Zooplankton responses to relative changes in light intensity may be enhanced by the kairomones of predators (Ringelberg and Flik 1994, Manuel and O’Dor 1997). Ringelberg and Flik (1994) observed a greater morning descent when the predator perch was present. Similarly, Manuel and O’Dor (1997) observed an enhanced downward migration of the scallop veliger Placopecten magellanicusin the mornings when visual predators were present.

Light-protection hypothesis

     Zooplankton may also migrate vertically within water columns to avoid the harmful UV light that penetrates the surface waters in daylight hours (Manuel and O’Dor 1997). Similarly, Ringelberg (1980) found that the pigmented copepods are less sensitive to visible light and do not migrate downward during the day. However, Hays et al. (1994) observed different results in their study. They found that the taxa of copepods with the highest pigmentation levels were the only groups that migrated downward during the day. Therefore, the pigmentation of zooplankton may serve a different purpose than protecting against harmful light.

Food-availability hypothesis

     Dagg et al. (1997) suggest that the migratory behavior of zooplankton may also be attributed to the availability of food within the strata of oceans and lakes. In this study, Dagg et al. (1997) concluded that the female Calanus pacificuszooplankton did not migrate up to the surface layer of Dabob Bay at night because there was enough phytoplankton in lower strata to support high feeding rates. The results of Dini and Carpenter’s (1992) study agree with this food availability hypothesis. They observed an increased migratory descent of Daphniawhen food was scarce in the surface waters of Peter Lake, Michigan. On the other hand, when nutrients were added to Peter Lake, Dini and Carpenter (1992) observed decreased migratory responses of Daphniapopulations. However, Ringelberg and Flik (1994) did not find positive correlations between low food concentrations and increased migratory responses or between high food concentrations and no migratory responses in Daphniapopulations.


     Vertical migration is an important phenomenon within many taxa of both marine and freshwater zooplankton. The relative complexity and diversity of vertical migration makes it difficult to find a unifying theory to explain the different migration patterns exhibited by zooplankton species. However, a number of hypotheses have gained considerable support. Many researchers have observed increased migratory responses in zooplankton populations when in the presence of predators (Nesbitt et al. 1996, Hays et al. 1997, Dodson et al. 1997, Dini and Carpenter 1992). Relative changes in light intensity have also been shown to act as stimuli in vertical migration (Nesbitt et al. 1996, Ringelberg and Flik 1994, Dodson et al. 1997). Other studies suggest that zooplankton migrate in order to protect themselves against UV radiation (Manuel and O’Dor 1997) or to avoid starvation in strata of water columns where food is scarce (Dagg et al. 1997, Dini and Carpenter 1992).
     Although much is known regarding the vertical migration of zooplankton, a number of questions are still unanswered. For example, the role of kairomones in the migratory responses of zooplankton is not completely understood. Some researchers suggest that the release of these kairomones stimulates zooplankton to migrate vertically in order to reduce the risk of predation (Nesbitt et al. 1996). However, other studies indicate that marine zooplankton species are not affected by the release of kairomones (Dodson et al. 1997). It is also not clear whether genetic selection occurs within zooplankton to select for individuals that respond to visual predation by migration (Ringelberg and Flik 1994). Another controversial topic in vertical migration is the role of pigmentation in zooplankton. Some researchers propose that pigmented zooplankton are less susceptible to harmful UV radiation and do not need to migrate vertically (Manuel and O’Dor 1997), while others suggest that the pigments may serve as an energy store (Hays et al. 1994). Since a substantial amount of variation occurs within the migratory behaviors of zooplankton, it may not be possible to explain this variation through a theory that considers only one type of response. Perhaps a more realistic concept is that each species evolved the ability to use a complex of responses to avoid visual predation.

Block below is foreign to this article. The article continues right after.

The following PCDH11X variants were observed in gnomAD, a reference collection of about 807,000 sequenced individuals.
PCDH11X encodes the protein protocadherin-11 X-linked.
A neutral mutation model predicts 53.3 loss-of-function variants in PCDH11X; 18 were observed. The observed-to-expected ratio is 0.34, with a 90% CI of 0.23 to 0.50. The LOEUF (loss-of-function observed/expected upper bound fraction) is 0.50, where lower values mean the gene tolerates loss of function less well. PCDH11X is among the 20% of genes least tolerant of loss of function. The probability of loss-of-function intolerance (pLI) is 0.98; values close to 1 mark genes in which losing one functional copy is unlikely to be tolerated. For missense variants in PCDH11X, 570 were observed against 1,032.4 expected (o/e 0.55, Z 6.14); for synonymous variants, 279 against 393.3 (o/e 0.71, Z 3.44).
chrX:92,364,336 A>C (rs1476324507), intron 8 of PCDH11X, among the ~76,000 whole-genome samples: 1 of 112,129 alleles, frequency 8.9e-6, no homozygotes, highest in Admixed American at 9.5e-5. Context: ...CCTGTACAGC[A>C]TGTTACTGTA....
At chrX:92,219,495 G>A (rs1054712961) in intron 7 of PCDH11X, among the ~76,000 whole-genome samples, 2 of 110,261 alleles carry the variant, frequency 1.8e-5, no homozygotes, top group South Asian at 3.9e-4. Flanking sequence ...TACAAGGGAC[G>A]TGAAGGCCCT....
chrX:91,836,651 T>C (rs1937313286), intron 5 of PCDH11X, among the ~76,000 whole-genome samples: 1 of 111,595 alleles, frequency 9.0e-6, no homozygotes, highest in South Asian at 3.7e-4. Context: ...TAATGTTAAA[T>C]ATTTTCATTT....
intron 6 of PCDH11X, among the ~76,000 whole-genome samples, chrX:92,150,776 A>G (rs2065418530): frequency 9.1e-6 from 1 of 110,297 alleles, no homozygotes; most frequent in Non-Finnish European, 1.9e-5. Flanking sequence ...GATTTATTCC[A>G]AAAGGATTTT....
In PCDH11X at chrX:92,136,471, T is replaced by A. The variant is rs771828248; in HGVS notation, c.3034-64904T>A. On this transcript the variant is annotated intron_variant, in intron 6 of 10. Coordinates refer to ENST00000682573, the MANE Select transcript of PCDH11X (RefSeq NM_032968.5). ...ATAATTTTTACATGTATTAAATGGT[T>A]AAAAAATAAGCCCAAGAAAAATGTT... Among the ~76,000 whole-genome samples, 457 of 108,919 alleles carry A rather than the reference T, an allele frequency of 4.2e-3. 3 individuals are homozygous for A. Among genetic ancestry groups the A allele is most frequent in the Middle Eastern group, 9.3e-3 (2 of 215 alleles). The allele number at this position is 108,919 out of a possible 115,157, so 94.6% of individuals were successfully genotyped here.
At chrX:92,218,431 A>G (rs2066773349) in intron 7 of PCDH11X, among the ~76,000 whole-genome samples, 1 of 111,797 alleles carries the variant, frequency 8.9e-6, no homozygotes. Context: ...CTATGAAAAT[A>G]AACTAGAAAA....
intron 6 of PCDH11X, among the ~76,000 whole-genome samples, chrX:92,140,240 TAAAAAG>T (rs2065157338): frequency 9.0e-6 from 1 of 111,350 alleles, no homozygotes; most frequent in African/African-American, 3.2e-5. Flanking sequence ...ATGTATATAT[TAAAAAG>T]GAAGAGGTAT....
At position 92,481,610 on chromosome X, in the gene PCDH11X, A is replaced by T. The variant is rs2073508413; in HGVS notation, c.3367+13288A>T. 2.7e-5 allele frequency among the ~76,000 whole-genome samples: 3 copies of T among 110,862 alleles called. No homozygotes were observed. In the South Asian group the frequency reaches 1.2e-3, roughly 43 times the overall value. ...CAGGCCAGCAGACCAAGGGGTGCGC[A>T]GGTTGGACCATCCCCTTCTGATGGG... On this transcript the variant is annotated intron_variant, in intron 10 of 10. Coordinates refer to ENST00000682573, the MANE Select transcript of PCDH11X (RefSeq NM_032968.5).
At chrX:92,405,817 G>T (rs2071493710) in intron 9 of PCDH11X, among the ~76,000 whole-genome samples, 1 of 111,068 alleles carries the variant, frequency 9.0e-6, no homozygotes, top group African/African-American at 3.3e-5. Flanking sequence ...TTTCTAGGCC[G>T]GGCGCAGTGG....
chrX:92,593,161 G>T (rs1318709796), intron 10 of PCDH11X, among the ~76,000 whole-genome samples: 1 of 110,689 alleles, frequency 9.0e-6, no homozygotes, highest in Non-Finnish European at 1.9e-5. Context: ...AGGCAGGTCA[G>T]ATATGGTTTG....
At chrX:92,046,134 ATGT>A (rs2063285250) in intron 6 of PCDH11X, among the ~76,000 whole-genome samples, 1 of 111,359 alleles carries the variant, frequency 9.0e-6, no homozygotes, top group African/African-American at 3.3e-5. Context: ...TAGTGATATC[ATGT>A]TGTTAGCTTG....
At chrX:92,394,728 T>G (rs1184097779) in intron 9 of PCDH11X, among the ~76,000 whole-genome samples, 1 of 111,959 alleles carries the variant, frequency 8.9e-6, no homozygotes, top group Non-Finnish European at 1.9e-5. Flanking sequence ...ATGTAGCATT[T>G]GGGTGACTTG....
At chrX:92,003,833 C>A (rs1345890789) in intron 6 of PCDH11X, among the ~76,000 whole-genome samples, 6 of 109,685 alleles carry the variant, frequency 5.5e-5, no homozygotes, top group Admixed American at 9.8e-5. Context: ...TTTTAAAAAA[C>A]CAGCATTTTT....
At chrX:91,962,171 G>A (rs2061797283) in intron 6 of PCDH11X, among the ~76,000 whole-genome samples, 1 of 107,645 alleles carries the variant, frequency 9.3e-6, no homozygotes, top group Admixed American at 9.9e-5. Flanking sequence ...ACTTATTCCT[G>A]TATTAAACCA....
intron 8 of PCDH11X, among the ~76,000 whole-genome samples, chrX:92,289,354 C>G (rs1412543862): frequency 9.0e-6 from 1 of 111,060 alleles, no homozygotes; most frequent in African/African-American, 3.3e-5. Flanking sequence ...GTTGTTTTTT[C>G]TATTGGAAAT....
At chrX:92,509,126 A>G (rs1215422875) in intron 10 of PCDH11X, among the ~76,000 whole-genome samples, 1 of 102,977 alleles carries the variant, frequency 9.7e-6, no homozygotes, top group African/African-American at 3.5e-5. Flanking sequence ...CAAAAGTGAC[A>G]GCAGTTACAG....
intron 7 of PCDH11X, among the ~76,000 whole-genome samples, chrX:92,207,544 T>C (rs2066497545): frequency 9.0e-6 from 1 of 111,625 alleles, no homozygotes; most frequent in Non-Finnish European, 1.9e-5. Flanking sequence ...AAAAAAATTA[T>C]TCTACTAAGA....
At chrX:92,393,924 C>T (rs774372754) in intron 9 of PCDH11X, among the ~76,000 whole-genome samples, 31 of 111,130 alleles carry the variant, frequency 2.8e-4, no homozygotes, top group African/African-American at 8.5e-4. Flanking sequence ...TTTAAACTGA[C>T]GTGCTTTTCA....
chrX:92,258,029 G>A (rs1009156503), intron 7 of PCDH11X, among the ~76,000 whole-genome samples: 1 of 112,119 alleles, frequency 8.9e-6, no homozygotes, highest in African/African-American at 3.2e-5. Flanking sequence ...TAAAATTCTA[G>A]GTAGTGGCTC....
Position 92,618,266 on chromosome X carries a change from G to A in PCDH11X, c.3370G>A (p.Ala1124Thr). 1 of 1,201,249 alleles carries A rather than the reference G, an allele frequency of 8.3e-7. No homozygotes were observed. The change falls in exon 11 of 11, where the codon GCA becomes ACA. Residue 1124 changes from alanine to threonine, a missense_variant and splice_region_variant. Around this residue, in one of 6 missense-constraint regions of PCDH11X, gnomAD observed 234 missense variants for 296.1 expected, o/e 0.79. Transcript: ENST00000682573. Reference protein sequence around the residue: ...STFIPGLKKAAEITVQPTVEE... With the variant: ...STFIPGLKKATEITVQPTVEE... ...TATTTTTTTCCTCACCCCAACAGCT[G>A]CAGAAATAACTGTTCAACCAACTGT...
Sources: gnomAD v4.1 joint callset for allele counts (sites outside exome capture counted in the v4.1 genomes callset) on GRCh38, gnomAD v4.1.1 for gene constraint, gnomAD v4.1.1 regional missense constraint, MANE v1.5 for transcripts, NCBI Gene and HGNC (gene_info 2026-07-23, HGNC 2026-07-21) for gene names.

Literature Cited

Dagg MJ, Frost BW, Newton JA. 1997. Vertical migration and feeding behavior of Calanus pacificusfemales during a phytoplankton bloom in Dabob Bay, U.S. Limnol. Oceanogr. 42: 974–980.

Dini ML, Carpenter SR. 1992. Fish predators, food availability and diel vertical migration in Daphnia. J. Plankton Res. 14: 359–377.

Dodson SI, Tollrian R, Lampert W. 1997. Daphniaswimming behavior during vertical migration. J. Plankton Res. 19: 969–978.

Hays GC, Proctor A, John AWG, Warner AJ. 1994. Interspecific differences in the diel vertical migration of marine copepods: The implications of size, color, and morphology. Limnol. Oceanogr. 41: 1306–1311.

Manuel JL, O’Dor RK. 1997. Vertical migration for horizontal transport while avoiding predators: I. A tidal/diel model. J. Plankton Res. 19: 1929–1948.

Nesbitt LM, Riessen HP, Ramcharan CW. 1996. Opposing predation pressures and induced migration responses in Daphnia. Limnol. Oceanogr. 41: 1306–1311.

Ringelberg J. 1980. Aspects of the red pigmentation in zooplankton, especially copepods. Am. Soc. Limnol. Oceanogr. 3: 91–97.

Ringelberg J, Flik BJG. 1994. Increased phototaxis in the field leads to enhanced diel vertical migration. Limnol. Oceanogr. 39: 1855–1864.